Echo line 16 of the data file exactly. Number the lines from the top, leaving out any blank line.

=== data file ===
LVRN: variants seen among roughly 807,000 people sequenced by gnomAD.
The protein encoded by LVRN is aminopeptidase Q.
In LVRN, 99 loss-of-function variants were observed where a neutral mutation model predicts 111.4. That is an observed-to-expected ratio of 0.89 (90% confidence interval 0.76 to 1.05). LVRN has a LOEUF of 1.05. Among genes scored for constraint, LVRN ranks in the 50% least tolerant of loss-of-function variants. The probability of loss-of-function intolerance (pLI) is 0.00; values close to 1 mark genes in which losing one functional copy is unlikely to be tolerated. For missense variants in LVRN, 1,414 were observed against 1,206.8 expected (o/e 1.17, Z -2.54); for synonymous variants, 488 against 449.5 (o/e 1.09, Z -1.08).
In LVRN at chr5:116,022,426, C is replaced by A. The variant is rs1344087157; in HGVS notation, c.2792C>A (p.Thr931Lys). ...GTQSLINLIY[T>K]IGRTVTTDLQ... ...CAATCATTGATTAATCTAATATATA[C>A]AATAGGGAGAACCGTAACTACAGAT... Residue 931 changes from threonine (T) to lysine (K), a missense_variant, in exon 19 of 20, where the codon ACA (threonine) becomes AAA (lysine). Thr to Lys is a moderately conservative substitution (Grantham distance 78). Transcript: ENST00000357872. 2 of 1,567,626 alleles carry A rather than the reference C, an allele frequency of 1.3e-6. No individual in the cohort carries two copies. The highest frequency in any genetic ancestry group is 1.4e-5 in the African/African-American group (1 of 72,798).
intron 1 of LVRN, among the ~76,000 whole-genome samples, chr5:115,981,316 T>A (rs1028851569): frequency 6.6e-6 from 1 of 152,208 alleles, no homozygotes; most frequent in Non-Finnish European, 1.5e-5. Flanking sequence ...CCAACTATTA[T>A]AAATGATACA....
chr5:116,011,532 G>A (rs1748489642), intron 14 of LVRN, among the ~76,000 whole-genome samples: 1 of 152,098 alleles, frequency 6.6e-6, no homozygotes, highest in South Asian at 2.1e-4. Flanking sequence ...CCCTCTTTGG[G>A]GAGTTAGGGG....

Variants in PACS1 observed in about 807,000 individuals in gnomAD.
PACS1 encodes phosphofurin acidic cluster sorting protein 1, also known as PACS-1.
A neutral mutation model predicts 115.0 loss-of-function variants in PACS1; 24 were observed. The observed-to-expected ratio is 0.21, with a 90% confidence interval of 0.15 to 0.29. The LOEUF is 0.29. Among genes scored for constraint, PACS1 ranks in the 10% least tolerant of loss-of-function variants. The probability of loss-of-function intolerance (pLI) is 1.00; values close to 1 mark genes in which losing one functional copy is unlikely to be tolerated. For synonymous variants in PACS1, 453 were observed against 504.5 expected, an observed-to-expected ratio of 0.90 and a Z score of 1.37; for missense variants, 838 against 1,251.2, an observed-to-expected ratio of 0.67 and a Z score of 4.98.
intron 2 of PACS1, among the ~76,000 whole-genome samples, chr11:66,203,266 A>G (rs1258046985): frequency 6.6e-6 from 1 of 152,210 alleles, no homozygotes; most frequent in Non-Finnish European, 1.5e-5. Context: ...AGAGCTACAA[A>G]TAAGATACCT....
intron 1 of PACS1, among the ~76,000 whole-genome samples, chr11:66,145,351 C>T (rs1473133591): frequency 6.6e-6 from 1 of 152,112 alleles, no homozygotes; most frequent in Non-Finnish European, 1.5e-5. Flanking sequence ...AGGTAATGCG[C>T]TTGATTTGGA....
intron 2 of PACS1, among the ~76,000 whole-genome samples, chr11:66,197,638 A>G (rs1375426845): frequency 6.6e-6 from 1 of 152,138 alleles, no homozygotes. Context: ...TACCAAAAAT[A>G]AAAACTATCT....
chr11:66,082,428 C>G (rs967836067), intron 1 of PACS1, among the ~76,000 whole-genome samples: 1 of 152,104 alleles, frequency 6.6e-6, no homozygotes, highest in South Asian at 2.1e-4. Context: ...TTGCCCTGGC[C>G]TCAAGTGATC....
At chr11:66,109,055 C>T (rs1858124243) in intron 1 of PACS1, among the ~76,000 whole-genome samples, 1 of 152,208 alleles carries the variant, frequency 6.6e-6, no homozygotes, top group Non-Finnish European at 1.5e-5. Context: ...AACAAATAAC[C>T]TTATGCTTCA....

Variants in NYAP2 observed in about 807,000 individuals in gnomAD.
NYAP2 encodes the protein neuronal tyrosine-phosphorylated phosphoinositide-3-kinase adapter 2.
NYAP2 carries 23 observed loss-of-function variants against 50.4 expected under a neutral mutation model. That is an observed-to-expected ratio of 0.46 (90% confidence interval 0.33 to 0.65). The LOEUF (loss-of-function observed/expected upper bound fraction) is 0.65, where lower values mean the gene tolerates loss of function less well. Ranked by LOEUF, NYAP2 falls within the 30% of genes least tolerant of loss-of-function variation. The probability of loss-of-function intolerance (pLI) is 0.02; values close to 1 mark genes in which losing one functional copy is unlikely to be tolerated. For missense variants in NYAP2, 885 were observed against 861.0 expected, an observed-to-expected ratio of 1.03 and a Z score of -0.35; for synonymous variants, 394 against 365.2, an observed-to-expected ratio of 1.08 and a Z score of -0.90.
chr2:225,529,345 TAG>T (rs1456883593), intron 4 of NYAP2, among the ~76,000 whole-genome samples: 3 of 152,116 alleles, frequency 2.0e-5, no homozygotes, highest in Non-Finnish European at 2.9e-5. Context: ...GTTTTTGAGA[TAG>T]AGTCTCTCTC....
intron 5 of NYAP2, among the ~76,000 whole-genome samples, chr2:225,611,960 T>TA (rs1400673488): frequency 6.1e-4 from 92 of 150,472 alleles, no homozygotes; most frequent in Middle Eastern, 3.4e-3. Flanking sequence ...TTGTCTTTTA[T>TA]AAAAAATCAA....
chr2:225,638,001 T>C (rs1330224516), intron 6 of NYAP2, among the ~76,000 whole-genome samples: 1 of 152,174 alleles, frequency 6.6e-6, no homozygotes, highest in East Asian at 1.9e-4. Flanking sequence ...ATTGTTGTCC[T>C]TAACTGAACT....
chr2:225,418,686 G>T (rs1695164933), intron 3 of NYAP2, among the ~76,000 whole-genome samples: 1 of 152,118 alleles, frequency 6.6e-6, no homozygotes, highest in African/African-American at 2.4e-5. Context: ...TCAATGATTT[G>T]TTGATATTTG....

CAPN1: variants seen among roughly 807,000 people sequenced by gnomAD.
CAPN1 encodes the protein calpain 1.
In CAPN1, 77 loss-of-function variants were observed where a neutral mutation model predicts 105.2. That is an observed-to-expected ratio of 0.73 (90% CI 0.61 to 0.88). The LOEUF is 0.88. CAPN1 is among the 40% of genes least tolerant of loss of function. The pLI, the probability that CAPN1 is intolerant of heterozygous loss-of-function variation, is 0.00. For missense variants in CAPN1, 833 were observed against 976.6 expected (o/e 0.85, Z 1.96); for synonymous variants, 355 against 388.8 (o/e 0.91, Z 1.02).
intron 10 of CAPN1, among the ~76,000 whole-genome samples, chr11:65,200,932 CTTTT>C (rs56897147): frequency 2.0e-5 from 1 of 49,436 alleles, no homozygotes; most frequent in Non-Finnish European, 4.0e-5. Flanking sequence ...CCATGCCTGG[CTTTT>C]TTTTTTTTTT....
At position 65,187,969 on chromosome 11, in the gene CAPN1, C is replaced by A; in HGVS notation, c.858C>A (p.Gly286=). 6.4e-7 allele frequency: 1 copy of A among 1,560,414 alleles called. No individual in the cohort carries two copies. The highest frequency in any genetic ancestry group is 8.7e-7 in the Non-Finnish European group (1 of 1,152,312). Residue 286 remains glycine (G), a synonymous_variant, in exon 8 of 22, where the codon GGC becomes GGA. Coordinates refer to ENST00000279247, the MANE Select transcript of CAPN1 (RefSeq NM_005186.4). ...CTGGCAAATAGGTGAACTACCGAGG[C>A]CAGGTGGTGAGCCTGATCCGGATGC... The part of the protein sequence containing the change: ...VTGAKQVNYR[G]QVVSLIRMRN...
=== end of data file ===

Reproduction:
NYAP2 encodes the protein neuronal tyrosine-phosphorylated phosphoinositide-3-kinase adapter 2.